Wednesday, March 25, 2015

Four Skills Every College Student Should Pursue

Courier Times – College Transitions Team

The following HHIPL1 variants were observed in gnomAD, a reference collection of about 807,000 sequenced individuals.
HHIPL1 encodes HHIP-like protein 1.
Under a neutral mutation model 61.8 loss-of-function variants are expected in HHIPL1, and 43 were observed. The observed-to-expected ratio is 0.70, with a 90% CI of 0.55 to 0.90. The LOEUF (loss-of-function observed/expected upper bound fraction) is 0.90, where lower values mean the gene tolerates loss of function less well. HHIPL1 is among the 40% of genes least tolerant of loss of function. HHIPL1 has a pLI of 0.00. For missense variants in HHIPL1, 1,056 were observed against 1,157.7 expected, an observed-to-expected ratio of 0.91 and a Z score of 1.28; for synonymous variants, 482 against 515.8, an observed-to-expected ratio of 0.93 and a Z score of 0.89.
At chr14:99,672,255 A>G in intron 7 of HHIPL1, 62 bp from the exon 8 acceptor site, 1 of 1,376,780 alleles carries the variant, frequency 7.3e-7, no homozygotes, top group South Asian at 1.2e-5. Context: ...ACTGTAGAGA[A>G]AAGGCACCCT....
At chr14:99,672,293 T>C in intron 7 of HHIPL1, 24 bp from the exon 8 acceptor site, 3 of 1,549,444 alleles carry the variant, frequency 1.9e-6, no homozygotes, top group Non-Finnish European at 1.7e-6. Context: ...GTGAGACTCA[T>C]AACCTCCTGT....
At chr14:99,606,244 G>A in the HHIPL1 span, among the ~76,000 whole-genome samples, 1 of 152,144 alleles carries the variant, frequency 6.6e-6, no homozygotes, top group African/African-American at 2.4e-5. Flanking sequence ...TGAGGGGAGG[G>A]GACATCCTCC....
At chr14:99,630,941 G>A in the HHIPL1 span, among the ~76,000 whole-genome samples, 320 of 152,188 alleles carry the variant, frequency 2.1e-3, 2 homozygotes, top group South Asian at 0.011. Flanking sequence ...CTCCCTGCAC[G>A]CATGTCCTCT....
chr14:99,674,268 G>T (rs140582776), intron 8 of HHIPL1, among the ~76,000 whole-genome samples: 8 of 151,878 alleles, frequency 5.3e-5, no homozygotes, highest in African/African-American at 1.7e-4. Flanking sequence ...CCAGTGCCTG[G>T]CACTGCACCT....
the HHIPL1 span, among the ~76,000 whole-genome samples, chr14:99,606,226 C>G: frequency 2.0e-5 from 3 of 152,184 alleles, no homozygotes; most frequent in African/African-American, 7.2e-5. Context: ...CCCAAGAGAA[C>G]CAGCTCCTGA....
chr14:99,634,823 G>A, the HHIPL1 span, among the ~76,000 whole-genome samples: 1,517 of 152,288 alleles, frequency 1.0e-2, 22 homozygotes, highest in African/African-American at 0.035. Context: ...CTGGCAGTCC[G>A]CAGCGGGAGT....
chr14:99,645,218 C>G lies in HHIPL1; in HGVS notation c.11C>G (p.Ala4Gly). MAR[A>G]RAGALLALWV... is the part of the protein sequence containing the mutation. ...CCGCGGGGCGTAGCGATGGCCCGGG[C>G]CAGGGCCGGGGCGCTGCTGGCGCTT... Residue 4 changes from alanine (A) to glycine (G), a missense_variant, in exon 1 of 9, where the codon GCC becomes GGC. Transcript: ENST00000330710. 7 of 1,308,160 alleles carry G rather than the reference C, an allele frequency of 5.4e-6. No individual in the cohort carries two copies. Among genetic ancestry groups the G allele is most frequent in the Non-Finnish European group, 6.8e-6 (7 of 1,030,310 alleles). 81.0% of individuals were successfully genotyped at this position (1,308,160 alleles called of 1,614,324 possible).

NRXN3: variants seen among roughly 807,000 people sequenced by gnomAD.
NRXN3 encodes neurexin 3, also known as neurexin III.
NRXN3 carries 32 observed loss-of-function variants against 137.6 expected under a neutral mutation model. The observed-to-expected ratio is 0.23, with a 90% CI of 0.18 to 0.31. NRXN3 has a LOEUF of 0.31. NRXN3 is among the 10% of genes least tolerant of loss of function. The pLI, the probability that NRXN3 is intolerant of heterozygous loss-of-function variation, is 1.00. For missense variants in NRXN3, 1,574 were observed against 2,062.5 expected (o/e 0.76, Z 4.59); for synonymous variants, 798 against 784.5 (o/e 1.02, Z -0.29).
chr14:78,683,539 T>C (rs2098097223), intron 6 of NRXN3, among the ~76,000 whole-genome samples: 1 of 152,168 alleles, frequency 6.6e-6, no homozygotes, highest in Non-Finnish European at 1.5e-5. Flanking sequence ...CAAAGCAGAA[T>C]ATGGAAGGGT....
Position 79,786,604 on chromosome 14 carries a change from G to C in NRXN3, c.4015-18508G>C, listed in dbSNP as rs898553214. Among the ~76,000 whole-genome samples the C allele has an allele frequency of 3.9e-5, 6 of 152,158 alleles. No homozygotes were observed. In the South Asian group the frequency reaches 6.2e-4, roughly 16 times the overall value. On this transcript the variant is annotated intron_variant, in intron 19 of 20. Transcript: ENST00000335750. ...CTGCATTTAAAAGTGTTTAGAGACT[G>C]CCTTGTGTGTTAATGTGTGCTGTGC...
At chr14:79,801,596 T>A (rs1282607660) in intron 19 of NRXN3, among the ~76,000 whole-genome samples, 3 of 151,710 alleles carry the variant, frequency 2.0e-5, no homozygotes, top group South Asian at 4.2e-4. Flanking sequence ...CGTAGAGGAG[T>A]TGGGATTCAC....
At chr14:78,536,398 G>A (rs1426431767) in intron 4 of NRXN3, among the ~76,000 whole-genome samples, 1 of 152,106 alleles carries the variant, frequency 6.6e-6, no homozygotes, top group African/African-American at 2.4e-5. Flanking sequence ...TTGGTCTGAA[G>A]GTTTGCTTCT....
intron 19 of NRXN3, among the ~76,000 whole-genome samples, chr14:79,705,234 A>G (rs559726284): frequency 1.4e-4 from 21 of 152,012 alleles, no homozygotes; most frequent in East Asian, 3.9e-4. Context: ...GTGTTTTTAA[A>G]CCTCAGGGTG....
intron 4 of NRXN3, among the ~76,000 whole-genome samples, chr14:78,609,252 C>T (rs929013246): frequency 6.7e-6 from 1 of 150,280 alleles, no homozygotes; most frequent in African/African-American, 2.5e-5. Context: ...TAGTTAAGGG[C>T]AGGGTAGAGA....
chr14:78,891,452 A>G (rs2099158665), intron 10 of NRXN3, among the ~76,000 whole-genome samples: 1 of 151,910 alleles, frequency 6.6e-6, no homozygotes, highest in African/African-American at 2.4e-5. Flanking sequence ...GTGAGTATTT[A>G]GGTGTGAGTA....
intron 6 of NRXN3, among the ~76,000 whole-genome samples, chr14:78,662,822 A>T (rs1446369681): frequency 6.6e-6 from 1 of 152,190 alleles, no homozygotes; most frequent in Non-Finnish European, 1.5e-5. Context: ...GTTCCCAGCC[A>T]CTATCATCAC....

“A simplistic view of higher education is that people emerge from four years of college with a specific skill related to their primary area of study: Education majors learn how to teach, accounting majors learn how to crunch numbers, allied health majors learn skills particular to the healthcare profession, and so on down line. Yet, no matter your primary field of study, there are certain generalized skills that will serve you well in the modern economy where the average worker will change jobs an astonishing 11 times. Abilities in the areas of written expression, public speaking, foreign language, and quantitative analysis can and should be honed while pursuing a degree in any field…we now reside in a globalized marketplace where knowledge, trade, and investments know no borders. For anyone entering fields such as business, finance, information technology, software development, government, law enforcement, or healthcare (just to name a handful), fluency in a foreign language has never been more advantageous…Bi-lingual college grads entering the private sector right now can expect a 10-15% pay increase right off the bat; those conversant in Mandarin Chinese, German, Japanese, and Arabic may demand even higher compensation.”(more)